developed with YouTube
Beethoven - Symphony No.7 in A major op.92 - II, Allegretto

Beethoven - Symphony No.7 in A major op.92 - II, Allegretto

  • Order:
  • Duration: 8:47
  • Updated: 23 Jun 2010
  • views: 2988282
videos https://wn.com/Beethoven_Symphony_No.7_In_A_Major_Op.92_Ii,_Allegretto
L. V. Beethoven - Violin Concerto in D major Op, 61 (David Oistrakh)

L. V. Beethoven - Violin Concerto in D major Op, 61 (David Oistrakh)

  • Order:
  • Duration: 45:37
  • Updated: 26 Apr 2012
  • views: 330314
videos
Ludwig Van Beethoven - Violin Concerto in D major Op.61 Complete Full Concerto Ludwig van Beethoven's Violin Concerto in D major, Op. 61, was written in 1806. The work was premiered on 23 December 1806 in the Theater an der Wien in Vienna. Beethoven wrote the concerto for his colleague Franz Clement, a leading violinist of the day, who had earlier given him helpful advice on his opera Fidelio. The occasion was a benefit concert for Clement. However, the first printed edition (1808) was dedicated to Beethoven's friend Stephan von Breuning. It is believed that Beethoven finished the solo part so late that Clement had to sight-read part of his performance. Perhaps to express his annoyance, or to show what he could do when he had time to prepare, Clement is said to have interrupted the concerto between the first and second movements with a solo composition of his own, played on one string of the violin held upside down; however, other sources claim that he did play such a piece but only at the end of the program. The premiere was not a success, and the concerto was little performed in the following decades. The work was revived in 1844, well after Beethoven's death, with performances by the then 12-year-old violinist Joseph Joachim with the orchestra conducted by Felix Mendelssohn. Ever since, it has been one of the most important works of the violin concerto repertoire, and it is frequently performed and recorded today. Structure The work is in three movements: Allegro ma non troppo (D major) Larghetto (G major) Rondo. Allegro (D major)
https://wn.com/L._V._Beethoven_Violin_Concerto_In_D_Major_Op,_61_(David_Oistrakh)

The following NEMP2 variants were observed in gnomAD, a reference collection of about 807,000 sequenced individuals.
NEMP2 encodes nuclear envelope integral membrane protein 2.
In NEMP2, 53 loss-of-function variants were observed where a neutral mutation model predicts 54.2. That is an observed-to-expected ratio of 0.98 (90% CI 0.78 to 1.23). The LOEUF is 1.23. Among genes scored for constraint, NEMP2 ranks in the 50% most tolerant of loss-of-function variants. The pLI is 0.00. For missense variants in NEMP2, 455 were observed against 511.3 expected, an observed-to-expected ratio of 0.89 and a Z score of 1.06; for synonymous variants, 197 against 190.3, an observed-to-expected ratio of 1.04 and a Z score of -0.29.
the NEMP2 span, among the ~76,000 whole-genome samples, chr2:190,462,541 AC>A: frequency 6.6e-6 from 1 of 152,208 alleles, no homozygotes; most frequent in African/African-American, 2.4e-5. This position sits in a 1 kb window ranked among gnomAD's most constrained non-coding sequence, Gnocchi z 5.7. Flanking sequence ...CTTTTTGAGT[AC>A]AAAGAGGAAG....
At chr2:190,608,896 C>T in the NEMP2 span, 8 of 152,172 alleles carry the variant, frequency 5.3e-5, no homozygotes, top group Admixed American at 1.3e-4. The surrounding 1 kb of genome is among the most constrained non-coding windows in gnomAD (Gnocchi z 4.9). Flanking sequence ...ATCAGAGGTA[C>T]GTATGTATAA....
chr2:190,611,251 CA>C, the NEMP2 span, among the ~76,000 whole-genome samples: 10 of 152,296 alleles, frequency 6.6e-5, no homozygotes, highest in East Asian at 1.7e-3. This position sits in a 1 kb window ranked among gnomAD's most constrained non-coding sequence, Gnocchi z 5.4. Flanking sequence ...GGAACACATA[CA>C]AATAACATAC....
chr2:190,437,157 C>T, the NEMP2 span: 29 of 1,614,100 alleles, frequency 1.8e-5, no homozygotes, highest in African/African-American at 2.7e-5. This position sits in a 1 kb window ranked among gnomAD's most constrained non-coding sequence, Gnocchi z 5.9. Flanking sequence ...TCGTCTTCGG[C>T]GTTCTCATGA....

Beethoven, Sonata para piano Nº 1 en fa menor Opus 2 Nº 1. Daniel Barenboim, piano

Beethoven, Sonata para piano Nº 1 en fa menor Opus 2 Nº 1. Daniel Barenboim, piano

  • Order:
  • Duration: 19:18
  • Updated: 08 Jan 2013
  • views: 526749
videos
Ludwig van Beethoven (1770 - 1827) Sonata para piano Nº 1 en fa menor Opus 2 Nº 1. [F minor/fa mineur] 1. Allegro 2. Adagio 3. Menuetto, Allegretto 4. Prestissimo Daniel Barenboim, piano. La sonata para piano n.º 1 en fa menor Opus 2 n.º 1 de Ludwig van Beethoven data de 1796 y está dedicada a Joseph Haydn. Pese a que esta inaugura su ciclo de 32 sonatas para piano, no es la más temprana. Antes de su publicación fueron compuestas las sonatas n.º 19 y n.º 20, y sus tres Sonatinas WoO 47. ---
https://wn.com/Beethoven,_Sonata_Para_Piano_Nº_1_En_Fa_Menor_Opus_2_Nº_1._Daniel_Barenboim,_Piano
Janine Jansen & friends - Beethoven: Septet in Es-groot, op. 20

Janine Jansen & friends - Beethoven: Septet in Es-groot, op. 20

  • Order:
  • Duration: 46:01
  • Updated: 01 Jan 2012
  • views: 237018
videos
Meer klassiek op http://klassiek.avro.nl Beethoven: Septet in Es-groot, op. 20 Uitvoerenden: Janine Jansen, viool Dana Zemtsov, altviool Jens Peter Maintz, cello Stacey Watton, contrabas Martin Fröst, klarinet Jasper de Waal, hoorn Fredrik Ekdahl, fagot Opgenomen tijdens het Internationaal Kamermuziek Festival Utrecht 2011 van Janine Jansen. Recorded during Janine Jansen's International Chamber Music Festival Utrecht 2011. http://www.kamermuziekfestival.nl/
https://wn.com/Janine_Jansen_Friends_Beethoven_Septet_In_Es_Groot,_Op._20
Daniel Barenboim plays Beethoven Sonata No. 8 Op. 13 (Pathetique)

Daniel Barenboim plays Beethoven Sonata No. 8 Op. 13 (Pathetique)

  • Order:
  • Duration: 20:19
  • Updated: 05 Aug 2013
  • views: 2757538
videos